Power of Attorney: A Simple Guide

An easy to understand explanation of the different types of Power of Attorney available, and how each type can be used.

Definition of Power of Attorney

Power of Attorney is a legal document authorising the ‘Attorney’ to act on behalf of another person who is no longer able to deal with their own affairs ‘the Donor’. Anyone can be an Attorney as long as they are over 18 and capable of making decisions, the only exception to this is someone who is bankrupt.

Responsibilities of an Attorney
  • To act in the best interests of the Donor
  • To only undertake tasks that the Donor has authorised you to do
  • Keep separate up-to-date accounts of the Donor’s financial affairs
  • When signing documents use your usual signature but print beneath Attorney for and the Donor’s name.
Enduring Power of Attorney (EPA)
  • Were made until the end of September 2007
  • The Attorney has some powers before it is registered with the Office of the Public Guardian
  • If the Donor loses mental capacity the EPA must be registered
  • Once registered the Donor is no longer allowed to deal with their affairs.
Lasting Power of Attorney (LPA)
  • Replaced EPA’s from September 2007
  • There are two types –Property and Finance, and, Health and Welfare. The Donor does not need to make both types but if they do they can appoint different Attorney’s on each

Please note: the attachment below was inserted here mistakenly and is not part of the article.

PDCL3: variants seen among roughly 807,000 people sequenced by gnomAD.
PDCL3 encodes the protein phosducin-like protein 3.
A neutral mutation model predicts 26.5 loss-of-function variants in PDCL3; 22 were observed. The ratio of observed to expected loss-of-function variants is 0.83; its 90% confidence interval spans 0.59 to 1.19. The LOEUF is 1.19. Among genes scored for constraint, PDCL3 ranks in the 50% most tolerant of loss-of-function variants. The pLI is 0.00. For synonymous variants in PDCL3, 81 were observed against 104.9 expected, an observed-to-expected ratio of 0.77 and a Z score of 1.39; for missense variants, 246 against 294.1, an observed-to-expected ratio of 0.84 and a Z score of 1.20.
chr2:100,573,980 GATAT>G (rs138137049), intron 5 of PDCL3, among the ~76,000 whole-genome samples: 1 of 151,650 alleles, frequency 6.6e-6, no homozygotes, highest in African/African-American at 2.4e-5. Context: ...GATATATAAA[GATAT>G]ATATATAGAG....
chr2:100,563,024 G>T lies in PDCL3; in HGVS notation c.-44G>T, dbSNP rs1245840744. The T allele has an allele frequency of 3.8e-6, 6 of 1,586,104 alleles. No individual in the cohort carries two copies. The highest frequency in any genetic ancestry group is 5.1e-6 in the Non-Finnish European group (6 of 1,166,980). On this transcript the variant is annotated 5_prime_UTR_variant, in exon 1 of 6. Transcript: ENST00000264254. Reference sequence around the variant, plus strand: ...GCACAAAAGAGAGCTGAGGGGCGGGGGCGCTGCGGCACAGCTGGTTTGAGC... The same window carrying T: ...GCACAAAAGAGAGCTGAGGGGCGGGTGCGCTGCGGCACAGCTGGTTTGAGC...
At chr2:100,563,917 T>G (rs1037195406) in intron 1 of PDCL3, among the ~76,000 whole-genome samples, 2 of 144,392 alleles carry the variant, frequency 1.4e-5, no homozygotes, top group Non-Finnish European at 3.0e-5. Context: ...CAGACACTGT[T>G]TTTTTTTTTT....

• LPA’s have no effect until they have been registered
  • Once registered the Donor can still manage their affairs along with the Attorney until they are no longer able to do so
  • For more information on making an LPA, contact the Office of the Public Guardian on 0300 456 0300 or speak to a solicitor.
Ordinary Power of Attorney (OPA)
  • Can have been made at any time
  • Valid immediately but only for 12 months
  • Cannot be used if the Donor lacks mental capacity
  • A Deed of Revocation can be used to cancel it
  • May be used when the Donor has a physical illness or is travelling abroad for some time.

The information given in this guide is based on Bath Building Society’s understanding of Power of Attorney as at March 2015, which may change in future. It does not constitute a recommendation and individuals are advised to seek professional independent advice.